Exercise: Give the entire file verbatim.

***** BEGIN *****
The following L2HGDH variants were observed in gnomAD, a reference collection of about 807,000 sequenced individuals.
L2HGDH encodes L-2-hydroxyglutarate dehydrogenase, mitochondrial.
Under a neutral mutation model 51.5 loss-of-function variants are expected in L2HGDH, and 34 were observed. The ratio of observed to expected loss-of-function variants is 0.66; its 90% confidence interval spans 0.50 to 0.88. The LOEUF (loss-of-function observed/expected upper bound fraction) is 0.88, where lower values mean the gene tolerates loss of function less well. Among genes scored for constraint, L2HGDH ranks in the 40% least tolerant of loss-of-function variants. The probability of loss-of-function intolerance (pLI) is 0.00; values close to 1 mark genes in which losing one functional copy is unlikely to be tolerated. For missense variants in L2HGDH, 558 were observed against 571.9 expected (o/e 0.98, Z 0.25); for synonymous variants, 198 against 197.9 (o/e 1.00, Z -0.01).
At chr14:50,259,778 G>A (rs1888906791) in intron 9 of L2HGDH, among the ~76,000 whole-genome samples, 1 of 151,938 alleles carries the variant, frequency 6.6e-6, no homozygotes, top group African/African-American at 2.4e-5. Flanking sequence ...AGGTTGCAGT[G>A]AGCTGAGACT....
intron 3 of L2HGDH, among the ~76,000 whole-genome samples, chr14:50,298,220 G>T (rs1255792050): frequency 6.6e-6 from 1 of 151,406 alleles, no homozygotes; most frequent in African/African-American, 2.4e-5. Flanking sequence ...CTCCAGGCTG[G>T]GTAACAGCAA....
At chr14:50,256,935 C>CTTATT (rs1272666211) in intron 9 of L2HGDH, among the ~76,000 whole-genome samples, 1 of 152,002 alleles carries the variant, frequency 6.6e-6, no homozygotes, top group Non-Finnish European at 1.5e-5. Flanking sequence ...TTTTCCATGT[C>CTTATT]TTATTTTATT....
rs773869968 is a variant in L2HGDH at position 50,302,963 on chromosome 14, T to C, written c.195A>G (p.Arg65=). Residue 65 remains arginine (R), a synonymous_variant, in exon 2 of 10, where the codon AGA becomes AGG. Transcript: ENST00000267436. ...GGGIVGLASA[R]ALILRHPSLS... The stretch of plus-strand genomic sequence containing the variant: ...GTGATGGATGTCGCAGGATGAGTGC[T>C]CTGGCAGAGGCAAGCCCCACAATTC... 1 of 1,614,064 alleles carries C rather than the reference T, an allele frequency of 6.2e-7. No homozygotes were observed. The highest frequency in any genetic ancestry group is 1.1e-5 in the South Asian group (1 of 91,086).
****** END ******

The following L2HGDH variants were observed in gnomAD, a reference collection of about 807,000 sequenced individuals.
L2HGDH encodes L-2-hydroxyglutarate dehydrogenase, mitochondrial.
Under a neutral mutation model 51.5 loss-of-function variants are expected in L2HGDH, and 34 were observed. The ratio of observed to expected loss-of-function variants is 0.66; its 90% confidence interval spans 0.50 to 0.88. The LOEUF (loss-of-function observed/expected upper bound fraction) is 0.88, where lower values mean the gene tolerates loss of function less well. Among genes scored for constraint, L2HGDH ranks in the 40% least tolerant of loss-of-function variants. The probability of loss-of-function intolerance (pLI) is 0.00; values close to 1 mark genes in which losing one functional copy is unlikely to be tolerated. For missense variants in L2HGDH, 558 were observed against 571.9 expected (o/e 0.98, Z 0.25); for synonymous variants, 198 against 197.9 (o/e 1.00, Z -0.01).
At chr14:50,259,778 G>A (rs1888906791) in intron 9 of L2HGDH, among the ~76,000 whole-genome samples, 1 of 151,938 alleles carries the variant, frequency 6.6e-6, no homozygotes, top group African/African-American at 2.4e-5. Flanking sequence ...AGGTTGCAGT[G>A]AGCTGAGACT....
intron 3 of L2HGDH, among the ~76,000 whole-genome samples, chr14:50,298,220 G>T (rs1255792050): frequency 6.6e-6 from 1 of 151,406 alleles, no homozygotes; most frequent in African/African-American, 2.4e-5. Flanking sequence ...CTCCAGGCTG[G>T]GTAACAGCAA....
At chr14:50,256,935 C>CTTATT (rs1272666211) in intron 9 of L2HGDH, among the ~76,000 whole-genome samples, 1 of 152,002 alleles carries the variant, frequency 6.6e-6, no homozygotes, top group Non-Finnish European at 1.5e-5. Flanking sequence ...TTTTCCATGT[C>CTTATT]TTATTTTATT....
rs773869968 is a variant in L2HGDH at position 50,302,963 on chromosome 14, T to C, written c.195A>G (p.Arg65=). Residue 65 remains arginine (R), a synonymous_variant, in exon 2 of 10, where the codon AGA becomes AGG. Transcript: ENST00000267436. ...GGGIVGLASA[R]ALILRHPSLS... The stretch of plus-strand genomic sequence containing the variant: ...GTGATGGATGTCGCAGGATGAGTGC[T>C]CTGGCAGAGGCAAGCCCCACAATTC... 1 of 1,614,064 alleles carries C rather than the reference T, an allele frequency of 6.2e-7. No homozygotes were observed. The highest frequency in any genetic ancestry group is 1.1e-5 in the South Asian group (1 of 91,086).